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The Art of Fooling Ourselves

The Art of Fooling Ourselves

Recently, I enjoyed a conversation with a writer I follow, from another genre. He told me how much he enjoyed MMA, and we shared some stories of how the sport had grown over the years.

Then, he implied that as a whole, the MMA game is a bit more “classy” than that of boxing.

I didn’t agree. I tend to think both have ups and downs.

He made me think of something. About five years ago, I covered a Strikeforce MMA event at the Tacoma Dome in Tacoma, WA. Next door at the Tacoma Dome Convention Center was the Tacoma Golden Gloves — the state’s biggest amateur boxing event.

I arrived and noticed how different the two crowds looked.

The boxing event featured lots of youth, so lots of families were in attendance. These were diverse, in both age and background: in fact, a nearby ZIP code is said to boast the most ethnically diverse in the country, and this crowd reflected that.

I smiled as I remembered back when I trained at a South Seattle boxing gym. I was a part of that crowd — even to just support the gym. It had its ups and downs, but it was a good experience overall.

The MMA crowd? A totally different matter. It was dominated by people in their 20’s and people who seemed to want to appear to be in their 20’s. It was not nearly as diverse, and featured a lot of posturing and aggressive looks. At one point two scantily clad gals, looking dazed and confused, walked up to the middle aged woman manning the Golden Gloves ticket booth — and were directed to Strikeforce.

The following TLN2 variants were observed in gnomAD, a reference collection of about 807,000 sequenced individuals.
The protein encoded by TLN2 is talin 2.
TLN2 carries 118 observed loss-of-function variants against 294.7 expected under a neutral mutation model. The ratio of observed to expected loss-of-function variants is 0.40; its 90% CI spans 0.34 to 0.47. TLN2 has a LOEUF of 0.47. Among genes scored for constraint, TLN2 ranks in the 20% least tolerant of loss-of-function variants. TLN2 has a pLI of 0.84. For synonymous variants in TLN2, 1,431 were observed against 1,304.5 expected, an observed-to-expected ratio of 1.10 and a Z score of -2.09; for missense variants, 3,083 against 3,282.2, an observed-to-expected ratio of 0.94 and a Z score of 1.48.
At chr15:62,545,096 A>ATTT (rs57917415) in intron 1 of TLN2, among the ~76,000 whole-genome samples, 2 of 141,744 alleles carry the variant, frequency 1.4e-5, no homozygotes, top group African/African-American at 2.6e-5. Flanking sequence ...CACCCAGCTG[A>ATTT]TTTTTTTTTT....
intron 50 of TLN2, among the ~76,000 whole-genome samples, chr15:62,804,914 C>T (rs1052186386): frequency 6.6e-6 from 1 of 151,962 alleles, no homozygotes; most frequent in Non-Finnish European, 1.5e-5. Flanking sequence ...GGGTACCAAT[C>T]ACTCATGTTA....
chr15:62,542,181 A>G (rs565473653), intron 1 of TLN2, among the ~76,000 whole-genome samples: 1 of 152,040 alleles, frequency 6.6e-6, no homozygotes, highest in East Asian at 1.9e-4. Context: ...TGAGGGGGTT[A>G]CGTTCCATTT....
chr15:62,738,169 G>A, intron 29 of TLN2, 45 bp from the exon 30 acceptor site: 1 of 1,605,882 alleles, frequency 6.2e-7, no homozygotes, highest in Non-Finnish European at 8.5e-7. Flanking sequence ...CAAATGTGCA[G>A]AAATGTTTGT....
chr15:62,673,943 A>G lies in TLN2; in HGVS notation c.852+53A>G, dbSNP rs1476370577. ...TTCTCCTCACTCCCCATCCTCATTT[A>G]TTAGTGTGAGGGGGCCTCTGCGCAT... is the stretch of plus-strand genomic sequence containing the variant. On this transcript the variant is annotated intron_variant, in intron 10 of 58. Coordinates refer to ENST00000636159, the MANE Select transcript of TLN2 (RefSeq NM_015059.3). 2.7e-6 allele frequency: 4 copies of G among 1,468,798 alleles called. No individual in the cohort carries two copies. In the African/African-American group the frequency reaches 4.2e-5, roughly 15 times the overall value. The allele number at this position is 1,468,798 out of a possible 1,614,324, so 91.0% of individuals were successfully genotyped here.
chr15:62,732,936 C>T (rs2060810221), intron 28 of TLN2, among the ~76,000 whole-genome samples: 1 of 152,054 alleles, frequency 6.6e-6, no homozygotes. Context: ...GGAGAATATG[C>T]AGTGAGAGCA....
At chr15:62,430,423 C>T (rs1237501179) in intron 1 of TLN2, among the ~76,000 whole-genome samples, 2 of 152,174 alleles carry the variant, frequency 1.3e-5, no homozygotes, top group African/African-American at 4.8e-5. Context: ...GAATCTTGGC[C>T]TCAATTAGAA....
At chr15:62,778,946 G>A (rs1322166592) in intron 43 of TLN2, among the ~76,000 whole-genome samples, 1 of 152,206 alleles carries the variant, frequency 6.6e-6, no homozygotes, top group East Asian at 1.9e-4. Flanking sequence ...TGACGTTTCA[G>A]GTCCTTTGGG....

“No, you’re over there, honey.” (She was right.)

Oh, and the MMA show? It was really, really not good. Bob Sapp headlined against Jan Nortje. (Stop laughing.) His halfhearted display, in front of the Seattle area where he began his athletic career, was really the beginning of that career’s nosedive.

Maybe he was fooling himself. But he wasn’t fooling anyone in the crowd that night, though.

(Strikeforce would come back to the area the next year with a very strong show — highlighted by Jorge Gurgel and Conor Huen’s standup war, Tim Kennedy’s dismantling of Nick Thompson, and a nice bout between Sarah Kaufman and Shayna Baszler. Please don’t take this as an attack on Strikeforce — they are missed, badly.)

The writer I was speaking to, who was so excited about the quality of MMA people? I think he was fooling himself too. He was excited for the sport, and so was able to look past some of its seedy underbelly. It probably happens to all of us.

Everything has its ups and downs, unfortunately. Yesterday’s article from Kelsey Mowatt with Vitor Belfort’s defense of his testosterone usage failed to convince me that this matter is being handled fairly. You may enjoy this article from our friends at Cage Potato by Brian D’Souza about the resulting exchange between Kevin Iole and Dana White on the issue, as well.

I still love this sport. I’ve met so many incredible people in it. Sure, there are a lot of great fights to be watched — and hey, maybe I’ll be a part of presenting some of them to you this week. That’s an honor for me.

But let’s not fool ourselves. Sure, this sport is something I’m proud of.

But from the dodging about performance enhancing drugs, to the odd relationship between journalism and promotion, this business has some ugly elements too — and we’ve really got nothing to be arrogant about.

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